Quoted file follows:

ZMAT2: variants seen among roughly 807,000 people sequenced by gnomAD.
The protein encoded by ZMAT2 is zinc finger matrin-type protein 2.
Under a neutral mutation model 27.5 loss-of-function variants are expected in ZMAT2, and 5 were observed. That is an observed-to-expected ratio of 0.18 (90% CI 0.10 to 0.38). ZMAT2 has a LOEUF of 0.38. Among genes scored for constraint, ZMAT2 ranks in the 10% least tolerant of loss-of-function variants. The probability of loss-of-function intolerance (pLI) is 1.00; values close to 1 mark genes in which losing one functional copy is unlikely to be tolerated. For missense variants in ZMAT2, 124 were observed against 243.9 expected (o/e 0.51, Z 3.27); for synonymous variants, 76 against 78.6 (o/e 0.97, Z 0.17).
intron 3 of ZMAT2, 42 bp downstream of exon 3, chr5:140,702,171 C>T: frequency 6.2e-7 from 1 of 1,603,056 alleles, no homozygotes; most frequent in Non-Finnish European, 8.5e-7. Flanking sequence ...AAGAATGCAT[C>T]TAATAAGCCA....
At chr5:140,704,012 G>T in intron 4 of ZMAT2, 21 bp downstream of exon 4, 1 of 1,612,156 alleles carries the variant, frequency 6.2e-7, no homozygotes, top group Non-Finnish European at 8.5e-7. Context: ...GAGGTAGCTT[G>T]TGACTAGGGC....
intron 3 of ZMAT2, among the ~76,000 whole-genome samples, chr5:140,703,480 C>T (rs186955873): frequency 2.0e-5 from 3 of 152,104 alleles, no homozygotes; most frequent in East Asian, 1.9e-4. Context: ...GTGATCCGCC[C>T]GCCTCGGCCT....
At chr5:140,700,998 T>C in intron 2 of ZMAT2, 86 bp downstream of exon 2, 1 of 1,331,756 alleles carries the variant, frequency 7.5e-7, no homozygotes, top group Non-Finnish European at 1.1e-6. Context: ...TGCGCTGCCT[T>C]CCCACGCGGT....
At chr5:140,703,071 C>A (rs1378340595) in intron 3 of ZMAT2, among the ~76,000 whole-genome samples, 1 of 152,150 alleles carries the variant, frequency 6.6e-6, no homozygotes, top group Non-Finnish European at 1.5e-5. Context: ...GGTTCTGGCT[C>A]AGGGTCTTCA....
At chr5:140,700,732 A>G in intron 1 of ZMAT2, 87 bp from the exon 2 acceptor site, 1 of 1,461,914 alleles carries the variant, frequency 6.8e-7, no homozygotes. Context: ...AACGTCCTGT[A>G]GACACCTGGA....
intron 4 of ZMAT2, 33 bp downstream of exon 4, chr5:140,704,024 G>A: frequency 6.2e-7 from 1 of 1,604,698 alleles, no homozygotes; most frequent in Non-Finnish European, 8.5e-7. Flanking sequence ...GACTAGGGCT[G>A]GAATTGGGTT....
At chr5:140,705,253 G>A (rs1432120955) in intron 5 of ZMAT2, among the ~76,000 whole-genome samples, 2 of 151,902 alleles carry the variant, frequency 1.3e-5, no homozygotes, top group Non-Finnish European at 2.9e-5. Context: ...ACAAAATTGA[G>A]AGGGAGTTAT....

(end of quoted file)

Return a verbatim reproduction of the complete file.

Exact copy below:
ZMAT2: variants seen among roughly 807,000 people sequenced by gnomAD.
The protein encoded by ZMAT2 is zinc finger matrin-type protein 2.
Under a neutral mutation model 27.5 loss-of-function variants are expected in ZMAT2, and 5 were observed. That is an observed-to-expected ratio of 0.18 (90% CI 0.10 to 0.38). ZMAT2 has a LOEUF of 0.38. Among genes scored for constraint, ZMAT2 ranks in the 10% least tolerant of loss-of-function variants. The probability of loss-of-function intolerance (pLI) is 1.00; values close to 1 mark genes in which losing one functional copy is unlikely to be tolerated. For missense variants in ZMAT2, 124 were observed against 243.9 expected (o/e 0.51, Z 3.27); for synonymous variants, 76 against 78.6 (o/e 0.97, Z 0.17).
intron 3 of ZMAT2, 42 bp downstream of exon 3, chr5:140,702,171 C>T: frequency 6.2e-7 from 1 of 1,603,056 alleles, no homozygotes; most frequent in Non-Finnish European, 8.5e-7. Flanking sequence ...AAGAATGCAT[C>T]TAATAAGCCA....
At chr5:140,704,012 G>T in intron 4 of ZMAT2, 21 bp downstream of exon 4, 1 of 1,612,156 alleles carries the variant, frequency 6.2e-7, no homozygotes, top group Non-Finnish European at 8.5e-7. Context: ...GAGGTAGCTT[G>T]TGACTAGGGC....
intron 3 of ZMAT2, among the ~76,000 whole-genome samples, chr5:140,703,480 C>T (rs186955873): frequency 2.0e-5 from 3 of 152,104 alleles, no homozygotes; most frequent in East Asian, 1.9e-4. Context: ...GTGATCCGCC[C>T]GCCTCGGCCT....
At chr5:140,700,998 T>C in intron 2 of ZMAT2, 86 bp downstream of exon 2, 1 of 1,331,756 alleles carries the variant, frequency 7.5e-7, no homozygotes, top group Non-Finnish European at 1.1e-6. Context: ...TGCGCTGCCT[T>C]CCCACGCGGT....
At chr5:140,703,071 C>A (rs1378340595) in intron 3 of ZMAT2, among the ~76,000 whole-genome samples, 1 of 152,150 alleles carries the variant, frequency 6.6e-6, no homozygotes, top group Non-Finnish European at 1.5e-5. Context: ...GGTTCTGGCT[C>A]AGGGTCTTCA....
At chr5:140,700,732 A>G in intron 1 of ZMAT2, 87 bp from the exon 2 acceptor site, 1 of 1,461,914 alleles carries the variant, frequency 6.8e-7, no homozygotes. Context: ...AACGTCCTGT[A>G]GACACCTGGA....
intron 4 of ZMAT2, 33 bp downstream of exon 4, chr5:140,704,024 G>A: frequency 6.2e-7 from 1 of 1,604,698 alleles, no homozygotes; most frequent in Non-Finnish European, 8.5e-7. Flanking sequence ...GACTAGGGCT[G>A]GAATTGGGTT....
At chr5:140,705,253 G>A (rs1432120955) in intron 5 of ZMAT2, among the ~76,000 whole-genome samples, 2 of 151,902 alleles carry the variant, frequency 1.3e-5, no homozygotes, top group Non-Finnish European at 2.9e-5. Context: ...ACAAAATTGA[G>A]AGGGAGTTAT....